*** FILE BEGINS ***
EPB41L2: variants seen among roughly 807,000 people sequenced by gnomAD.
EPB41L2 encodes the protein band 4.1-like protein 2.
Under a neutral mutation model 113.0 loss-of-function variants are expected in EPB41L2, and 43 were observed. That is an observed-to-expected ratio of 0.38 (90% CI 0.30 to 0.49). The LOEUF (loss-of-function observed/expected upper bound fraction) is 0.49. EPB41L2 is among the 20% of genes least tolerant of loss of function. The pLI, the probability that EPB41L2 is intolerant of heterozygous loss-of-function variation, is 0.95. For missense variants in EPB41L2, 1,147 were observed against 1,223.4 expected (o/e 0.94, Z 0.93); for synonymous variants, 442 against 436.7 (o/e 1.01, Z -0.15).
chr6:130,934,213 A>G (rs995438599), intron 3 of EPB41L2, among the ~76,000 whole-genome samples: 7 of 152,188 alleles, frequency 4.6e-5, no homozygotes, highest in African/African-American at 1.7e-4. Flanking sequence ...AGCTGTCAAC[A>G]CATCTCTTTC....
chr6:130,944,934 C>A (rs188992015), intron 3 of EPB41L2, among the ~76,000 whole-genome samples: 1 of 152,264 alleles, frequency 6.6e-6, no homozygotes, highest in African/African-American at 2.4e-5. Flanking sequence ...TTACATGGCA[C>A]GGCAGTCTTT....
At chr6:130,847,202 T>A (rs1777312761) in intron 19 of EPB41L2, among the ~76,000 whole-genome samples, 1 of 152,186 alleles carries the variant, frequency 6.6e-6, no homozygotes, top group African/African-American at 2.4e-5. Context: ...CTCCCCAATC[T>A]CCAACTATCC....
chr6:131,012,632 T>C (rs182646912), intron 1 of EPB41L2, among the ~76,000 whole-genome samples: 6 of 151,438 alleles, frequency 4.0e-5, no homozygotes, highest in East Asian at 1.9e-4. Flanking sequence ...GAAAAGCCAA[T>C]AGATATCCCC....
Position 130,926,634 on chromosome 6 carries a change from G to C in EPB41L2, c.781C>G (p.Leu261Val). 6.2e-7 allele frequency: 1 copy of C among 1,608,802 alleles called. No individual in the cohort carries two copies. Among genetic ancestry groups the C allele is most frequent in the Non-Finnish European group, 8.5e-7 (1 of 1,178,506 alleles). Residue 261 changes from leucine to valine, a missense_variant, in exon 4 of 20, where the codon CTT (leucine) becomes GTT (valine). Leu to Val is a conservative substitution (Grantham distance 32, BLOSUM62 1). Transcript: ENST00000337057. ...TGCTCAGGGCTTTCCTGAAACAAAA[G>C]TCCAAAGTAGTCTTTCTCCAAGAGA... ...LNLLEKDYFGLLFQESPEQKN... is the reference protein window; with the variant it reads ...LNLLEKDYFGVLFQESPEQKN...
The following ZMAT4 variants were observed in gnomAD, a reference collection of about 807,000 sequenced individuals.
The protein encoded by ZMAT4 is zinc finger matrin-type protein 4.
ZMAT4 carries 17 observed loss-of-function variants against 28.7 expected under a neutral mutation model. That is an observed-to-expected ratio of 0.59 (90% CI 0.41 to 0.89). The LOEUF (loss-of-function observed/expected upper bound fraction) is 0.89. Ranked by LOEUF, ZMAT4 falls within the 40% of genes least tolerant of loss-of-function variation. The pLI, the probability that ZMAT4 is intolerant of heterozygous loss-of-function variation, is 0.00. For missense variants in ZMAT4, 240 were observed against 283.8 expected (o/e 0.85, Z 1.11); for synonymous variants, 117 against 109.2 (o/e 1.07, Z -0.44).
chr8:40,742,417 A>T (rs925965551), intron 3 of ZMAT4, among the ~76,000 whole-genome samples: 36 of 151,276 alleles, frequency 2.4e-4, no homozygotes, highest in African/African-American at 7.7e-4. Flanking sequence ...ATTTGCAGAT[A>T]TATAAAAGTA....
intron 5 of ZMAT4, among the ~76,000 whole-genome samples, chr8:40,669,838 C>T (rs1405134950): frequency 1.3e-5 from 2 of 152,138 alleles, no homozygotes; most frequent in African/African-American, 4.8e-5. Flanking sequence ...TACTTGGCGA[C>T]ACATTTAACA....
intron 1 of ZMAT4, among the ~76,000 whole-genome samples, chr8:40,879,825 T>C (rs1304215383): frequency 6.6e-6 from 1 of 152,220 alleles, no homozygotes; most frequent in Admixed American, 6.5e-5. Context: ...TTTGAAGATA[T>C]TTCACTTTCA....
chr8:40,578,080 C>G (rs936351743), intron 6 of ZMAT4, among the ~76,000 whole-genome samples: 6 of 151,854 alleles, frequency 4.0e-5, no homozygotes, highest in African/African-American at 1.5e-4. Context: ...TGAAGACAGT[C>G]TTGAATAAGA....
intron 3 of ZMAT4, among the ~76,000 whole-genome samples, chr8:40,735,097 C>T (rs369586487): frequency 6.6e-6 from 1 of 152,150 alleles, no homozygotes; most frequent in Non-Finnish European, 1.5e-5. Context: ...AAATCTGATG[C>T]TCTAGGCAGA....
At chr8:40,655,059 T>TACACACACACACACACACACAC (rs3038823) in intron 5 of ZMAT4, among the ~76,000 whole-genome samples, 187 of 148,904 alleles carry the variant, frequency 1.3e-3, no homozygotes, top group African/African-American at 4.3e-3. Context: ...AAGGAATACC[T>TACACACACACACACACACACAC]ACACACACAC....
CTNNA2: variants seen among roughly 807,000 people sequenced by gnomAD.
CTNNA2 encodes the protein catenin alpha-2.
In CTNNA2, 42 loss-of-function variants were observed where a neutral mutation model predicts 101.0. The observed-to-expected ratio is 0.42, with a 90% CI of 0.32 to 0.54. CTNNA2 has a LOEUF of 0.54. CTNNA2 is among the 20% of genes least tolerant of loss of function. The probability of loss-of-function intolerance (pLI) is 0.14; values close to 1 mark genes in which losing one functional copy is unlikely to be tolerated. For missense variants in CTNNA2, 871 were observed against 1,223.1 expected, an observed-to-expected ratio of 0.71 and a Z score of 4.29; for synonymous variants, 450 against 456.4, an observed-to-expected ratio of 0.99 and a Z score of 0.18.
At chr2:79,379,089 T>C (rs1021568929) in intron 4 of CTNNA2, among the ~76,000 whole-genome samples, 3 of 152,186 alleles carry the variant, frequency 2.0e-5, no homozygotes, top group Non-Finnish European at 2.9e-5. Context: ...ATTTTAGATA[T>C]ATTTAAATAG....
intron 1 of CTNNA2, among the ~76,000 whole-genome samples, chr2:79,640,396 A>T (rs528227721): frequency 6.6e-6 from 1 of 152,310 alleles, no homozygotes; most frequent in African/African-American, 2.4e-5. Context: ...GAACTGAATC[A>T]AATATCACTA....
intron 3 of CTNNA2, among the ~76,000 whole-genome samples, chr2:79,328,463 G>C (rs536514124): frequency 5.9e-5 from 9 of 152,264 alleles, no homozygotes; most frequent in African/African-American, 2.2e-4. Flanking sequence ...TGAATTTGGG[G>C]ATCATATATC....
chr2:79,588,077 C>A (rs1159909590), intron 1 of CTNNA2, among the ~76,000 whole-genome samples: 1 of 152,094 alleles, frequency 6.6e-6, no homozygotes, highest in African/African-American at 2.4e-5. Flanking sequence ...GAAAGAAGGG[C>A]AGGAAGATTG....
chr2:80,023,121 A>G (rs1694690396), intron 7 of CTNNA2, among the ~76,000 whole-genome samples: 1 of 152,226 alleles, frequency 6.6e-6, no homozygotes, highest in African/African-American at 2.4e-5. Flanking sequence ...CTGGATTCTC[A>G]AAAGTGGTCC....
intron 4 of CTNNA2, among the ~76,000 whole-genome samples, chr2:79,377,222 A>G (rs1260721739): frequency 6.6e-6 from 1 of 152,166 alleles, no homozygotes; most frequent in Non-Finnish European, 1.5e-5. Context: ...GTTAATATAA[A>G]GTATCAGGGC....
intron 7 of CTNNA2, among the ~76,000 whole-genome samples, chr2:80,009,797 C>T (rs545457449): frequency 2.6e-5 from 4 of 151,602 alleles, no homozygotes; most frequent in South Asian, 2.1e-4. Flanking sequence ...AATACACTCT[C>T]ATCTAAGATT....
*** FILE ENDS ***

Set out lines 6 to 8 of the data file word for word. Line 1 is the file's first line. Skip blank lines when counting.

At chr6:130,847,202 T>A (rs1777312761) in intron 19 of EPB41L2, among the ~76,000 whole-genome samples, 1 of 152,186 alleles carries the variant, frequency 6.6e-6, no homozygotes, top group African/African-American at 2.4e-5. Context: ...CTCCCCAATC[T>A]CCAACTATCC....
chr6:131,012,632 T>C (rs182646912), intron 1 of EPB41L2, among the ~76,000 whole-genome samples: 6 of 151,438 alleles, frequency 4.0e-5, no homozygotes, highest in East Asian at 1.9e-4. Flanking sequence ...GAAAAGCCAA[T>C]AGATATCCCC....
Position 130,926,634 on chromosome 6 carries a change from G to C in EPB41L2, c.781C>G (p.Leu261Val). 6.2e-7 allele frequency: 1 copy of C among 1,608,802 alleles called. No individual in the cohort carries two copies. Among genetic ancestry groups the C allele is most frequent in the Non-Finnish European group, 8.5e-7 (1 of 1,178,506 alleles). Residue 261 changes from leucine to valine, a missense_variant, in exon 4 of 20, where the codon CTT (leucine) becomes GTT (valine). Leu to Val is a conservative substitution (Grantham distance 32, BLOSUM62 1). Transcript: ENST00000337057. ...TGCTCAGGGCTTTCCTGAAACAAAA[G>C]TCCAAAGTAGTCTTTCTCCAAGAGA... ...LNLLEKDYFGLLFQESPEQKN... is the reference protein window; with the variant it reads ...LNLLEKDYFGVLFQESPEQKN...